Author: Mercedes Lackey
Series: The Collegium Chronicles #2, Valdemar #8
Rating Out of 5: 5 (I will read this again and again and again)
My Bookshelves: Easy reading, Fantasy
Publisher: Daw fantasy
5th sentence, 74th page: This is important enough that they are about to be intercepted.
Mags has been an orphan working in a gem mine when his life was saved by his companion, Dallen, who took him to Haven to be trained as a Herald. Now he was never hunger and never cold. He slept in a real bed in his own room and, most importantly, he had Dallen, who was like another part of himself. And yet, aside from Lena and Bear, both loners like Mags, he couldn’t relate to most of the Herald, Healer, or Bard trainees. He was the only trainee who came from what – to the others – was unimaginable poverty. And since Mags had no tolerance for the chronic complaining of his fellow trainees, this kept him feeling like an outsider, even though he was part of an elite corps of students.
But there were other factors that contributed to his isolation. For Mags had been “recognized” by foreign assassins fleeing the court. These spies had escaped the Royal Guard and never been questioned. Now, Mags was an object of suspicion among his fellow students, and even some of his teachers. After this incident it seemed far more urgent to discover exactly who his parents were. And at Haven, he had access to the extensive Archives.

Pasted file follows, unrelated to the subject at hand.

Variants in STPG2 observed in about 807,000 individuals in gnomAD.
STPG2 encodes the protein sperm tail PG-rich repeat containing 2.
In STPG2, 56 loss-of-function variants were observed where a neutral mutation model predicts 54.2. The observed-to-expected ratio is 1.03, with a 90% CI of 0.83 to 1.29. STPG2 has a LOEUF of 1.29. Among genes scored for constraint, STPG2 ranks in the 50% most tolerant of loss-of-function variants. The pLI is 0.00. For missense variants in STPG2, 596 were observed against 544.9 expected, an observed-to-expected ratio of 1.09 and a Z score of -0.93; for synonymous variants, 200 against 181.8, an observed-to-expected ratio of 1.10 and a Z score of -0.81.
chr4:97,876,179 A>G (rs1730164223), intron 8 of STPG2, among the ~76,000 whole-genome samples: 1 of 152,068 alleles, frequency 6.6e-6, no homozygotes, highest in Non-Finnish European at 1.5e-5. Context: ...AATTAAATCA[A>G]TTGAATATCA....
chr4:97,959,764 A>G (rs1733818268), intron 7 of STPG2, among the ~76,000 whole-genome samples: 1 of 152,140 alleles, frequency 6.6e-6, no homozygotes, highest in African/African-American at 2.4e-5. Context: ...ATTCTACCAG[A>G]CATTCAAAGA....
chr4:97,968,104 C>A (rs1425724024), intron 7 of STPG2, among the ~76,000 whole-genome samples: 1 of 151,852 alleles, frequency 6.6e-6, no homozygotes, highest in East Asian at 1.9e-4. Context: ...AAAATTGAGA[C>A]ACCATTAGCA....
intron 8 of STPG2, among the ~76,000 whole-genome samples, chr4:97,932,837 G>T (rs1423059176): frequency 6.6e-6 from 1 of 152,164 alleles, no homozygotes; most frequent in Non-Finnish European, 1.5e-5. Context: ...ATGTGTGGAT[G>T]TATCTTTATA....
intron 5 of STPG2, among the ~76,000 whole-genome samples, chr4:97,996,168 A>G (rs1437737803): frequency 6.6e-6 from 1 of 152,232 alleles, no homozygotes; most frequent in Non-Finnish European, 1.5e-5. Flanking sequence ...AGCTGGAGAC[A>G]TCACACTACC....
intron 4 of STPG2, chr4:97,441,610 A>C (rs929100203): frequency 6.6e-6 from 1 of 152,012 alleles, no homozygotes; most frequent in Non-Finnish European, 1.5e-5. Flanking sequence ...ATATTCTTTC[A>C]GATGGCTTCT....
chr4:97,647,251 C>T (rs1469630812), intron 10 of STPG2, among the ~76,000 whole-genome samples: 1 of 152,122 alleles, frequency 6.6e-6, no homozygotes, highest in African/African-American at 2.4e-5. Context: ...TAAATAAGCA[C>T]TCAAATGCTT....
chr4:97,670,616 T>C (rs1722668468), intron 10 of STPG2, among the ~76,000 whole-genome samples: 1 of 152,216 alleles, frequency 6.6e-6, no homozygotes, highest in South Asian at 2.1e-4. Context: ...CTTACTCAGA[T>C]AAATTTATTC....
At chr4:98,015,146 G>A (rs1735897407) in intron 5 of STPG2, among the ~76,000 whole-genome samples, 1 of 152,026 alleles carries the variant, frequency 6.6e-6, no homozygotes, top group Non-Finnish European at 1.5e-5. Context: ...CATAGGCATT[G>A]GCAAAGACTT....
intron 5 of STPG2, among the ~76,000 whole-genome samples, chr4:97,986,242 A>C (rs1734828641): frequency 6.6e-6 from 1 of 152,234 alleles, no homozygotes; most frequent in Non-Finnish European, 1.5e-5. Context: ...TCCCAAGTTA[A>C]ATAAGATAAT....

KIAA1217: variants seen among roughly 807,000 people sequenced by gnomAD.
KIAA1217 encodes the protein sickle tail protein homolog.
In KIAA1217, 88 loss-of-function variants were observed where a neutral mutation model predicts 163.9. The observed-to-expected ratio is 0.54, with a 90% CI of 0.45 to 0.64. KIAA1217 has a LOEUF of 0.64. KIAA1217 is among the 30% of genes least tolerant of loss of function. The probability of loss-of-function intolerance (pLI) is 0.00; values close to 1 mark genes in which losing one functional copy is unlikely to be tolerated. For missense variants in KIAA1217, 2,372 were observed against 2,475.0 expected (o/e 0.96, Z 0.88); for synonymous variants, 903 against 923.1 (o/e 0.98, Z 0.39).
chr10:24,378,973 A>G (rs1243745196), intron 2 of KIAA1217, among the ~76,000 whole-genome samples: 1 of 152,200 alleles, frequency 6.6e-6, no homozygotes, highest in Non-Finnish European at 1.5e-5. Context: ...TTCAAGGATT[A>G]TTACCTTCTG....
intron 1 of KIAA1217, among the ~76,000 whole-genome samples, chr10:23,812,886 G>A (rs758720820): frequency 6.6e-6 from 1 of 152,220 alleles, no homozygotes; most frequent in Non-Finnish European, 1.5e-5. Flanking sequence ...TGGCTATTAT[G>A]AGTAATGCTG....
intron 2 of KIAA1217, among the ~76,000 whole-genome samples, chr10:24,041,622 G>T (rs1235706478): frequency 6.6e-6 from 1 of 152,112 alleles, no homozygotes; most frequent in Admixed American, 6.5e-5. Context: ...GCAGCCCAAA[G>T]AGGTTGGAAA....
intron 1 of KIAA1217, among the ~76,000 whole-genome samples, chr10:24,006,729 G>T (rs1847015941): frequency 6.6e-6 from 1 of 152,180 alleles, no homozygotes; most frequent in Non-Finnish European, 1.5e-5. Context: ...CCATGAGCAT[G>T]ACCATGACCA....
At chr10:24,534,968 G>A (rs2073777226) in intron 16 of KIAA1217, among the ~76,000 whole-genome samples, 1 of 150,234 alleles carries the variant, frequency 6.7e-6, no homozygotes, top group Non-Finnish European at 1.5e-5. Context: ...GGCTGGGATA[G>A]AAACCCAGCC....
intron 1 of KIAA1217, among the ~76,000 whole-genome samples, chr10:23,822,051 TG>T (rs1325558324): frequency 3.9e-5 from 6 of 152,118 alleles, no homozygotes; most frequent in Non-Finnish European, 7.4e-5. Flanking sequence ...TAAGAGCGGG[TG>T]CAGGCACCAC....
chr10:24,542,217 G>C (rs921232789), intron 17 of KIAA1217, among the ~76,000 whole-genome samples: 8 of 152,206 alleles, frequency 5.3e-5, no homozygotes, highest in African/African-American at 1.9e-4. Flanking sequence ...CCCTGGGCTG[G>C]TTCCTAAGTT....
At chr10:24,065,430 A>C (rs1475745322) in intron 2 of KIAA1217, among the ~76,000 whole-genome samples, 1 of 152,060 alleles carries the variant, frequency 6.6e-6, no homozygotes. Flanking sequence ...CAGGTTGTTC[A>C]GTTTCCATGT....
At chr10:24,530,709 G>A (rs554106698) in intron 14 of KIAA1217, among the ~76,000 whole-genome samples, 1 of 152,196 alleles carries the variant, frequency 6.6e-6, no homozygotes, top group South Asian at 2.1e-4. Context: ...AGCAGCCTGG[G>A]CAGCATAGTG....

Poring through the Archives, day after day, Mags finally got some answers, but they were incomplete: his parents, found dead in a bandit camp, had been two of a number of hostages, some of whom had survived. These survivors had told the Guard that Mags’ parents spoke a language that no one understood or even recognized. So Mags’ parents were foreigners, though from what country no one seemed to have any idea.
But rather than help his situation, this information did just the opposite, for ForeSeers had been having visions of the king being assassinated by “one of foreign blood” and some had even Seen Mags with blood on his hands.
How could Mags defend himself against a crime that hadn’t yet been committed?
Intrigues returns us to the world of Mags’ and the building of the Heralds Collegium. Mags is finally settling in to his new life and his small group of friends. I love that he isn’t a popular kid, he has a select few with whom he is close, and that is enough. I’ve never understood the idea of quantity over quality with friends, and Lackey helps to drive this home. You only need a few people who really care about you, not an entourage of characters that just happen to be there.
Lackey always deals with the idea of the ‘other’ really well. Intrigues highlights this through the use of Mags’ foreign blood and the ease with which his peers believe in his guilt. The way he is completely ostracised from the group because of the vague predictions of a future teller is incredibly cruel. But, the way that his friends choose to rally to his aid is a reminder of the importance of quality in relationships, something that can be really difficult to find.
This theme of bad luck and misunderstanding is even echoed in Mags’ own friendships towards the end of the story. Childish misinterpretations and jealousies not only further this, but also remind us that we all have a little evil in ourselves. No one is perfect, and there is nothing more frustrating than reading a story about a perfect protagonist. Mags’ self-doubt and insecurities about his own worth as a human makes him even more relatable. And has given him a special place in my heart.
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